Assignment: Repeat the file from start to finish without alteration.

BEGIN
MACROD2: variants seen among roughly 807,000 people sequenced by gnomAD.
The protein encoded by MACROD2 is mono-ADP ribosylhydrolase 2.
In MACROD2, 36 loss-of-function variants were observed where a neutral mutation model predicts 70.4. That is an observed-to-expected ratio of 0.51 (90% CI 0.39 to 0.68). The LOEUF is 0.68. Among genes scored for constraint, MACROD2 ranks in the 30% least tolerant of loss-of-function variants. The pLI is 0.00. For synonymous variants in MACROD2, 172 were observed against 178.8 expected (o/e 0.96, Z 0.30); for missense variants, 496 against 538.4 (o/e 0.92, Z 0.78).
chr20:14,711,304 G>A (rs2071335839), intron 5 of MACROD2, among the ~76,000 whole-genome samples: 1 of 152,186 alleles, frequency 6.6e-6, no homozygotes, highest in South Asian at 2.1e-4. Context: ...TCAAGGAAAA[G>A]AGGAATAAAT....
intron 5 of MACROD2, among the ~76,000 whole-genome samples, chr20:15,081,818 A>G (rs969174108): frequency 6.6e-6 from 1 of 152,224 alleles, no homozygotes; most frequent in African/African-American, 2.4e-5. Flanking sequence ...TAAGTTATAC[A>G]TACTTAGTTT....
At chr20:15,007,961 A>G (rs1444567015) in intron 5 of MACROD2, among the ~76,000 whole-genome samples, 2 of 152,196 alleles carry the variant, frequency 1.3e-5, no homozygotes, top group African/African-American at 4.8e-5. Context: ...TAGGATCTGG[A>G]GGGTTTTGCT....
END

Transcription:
MACROD2: variants seen among roughly 807,000 people sequenced by gnomAD.
The protein encoded by MACROD2 is mono-ADP ribosylhydrolase 2.
In MACROD2, 36 loss-of-function variants were observed where a neutral mutation model predicts 70.4. That is an observed-to-expected ratio of 0.51 (90% CI 0.39 to 0.68). The LOEUF is 0.68. Among genes scored for constraint, MACROD2 ranks in the 30% least tolerant of loss-of-function variants. The pLI is 0.00. For synonymous variants in MACROD2, 172 were observed against 178.8 expected (o/e 0.96, Z 0.30); for missense variants, 496 against 538.4 (o/e 0.92, Z 0.78).
chr20:14,711,304 G>A (rs2071335839), intron 5 of MACROD2, among the ~76,000 whole-genome samples: 1 of 152,186 alleles, frequency 6.6e-6, no homozygotes, highest in South Asian at 2.1e-4. Context: ...TCAAGGAAAA[G>A]AGGAATAAAT....
intron 5 of MACROD2, among the ~76,000 whole-genome samples, chr20:15,081,818 A>G (rs969174108): frequency 6.6e-6 from 1 of 152,224 alleles, no homozygotes; most frequent in African/African-American, 2.4e-5. Flanking sequence ...TAAGTTATAC[A>G]TACTTAGTTT....
At chr20:15,007,961 A>G (rs1444567015) in intron 5 of MACROD2, among the ~76,000 whole-genome samples, 2 of 152,196 alleles carry the variant, frequency 1.3e-5, no homozygotes, top group African/African-American at 4.8e-5. Context: ...TAGGATCTGG[A>G]GGGTTTTGCT....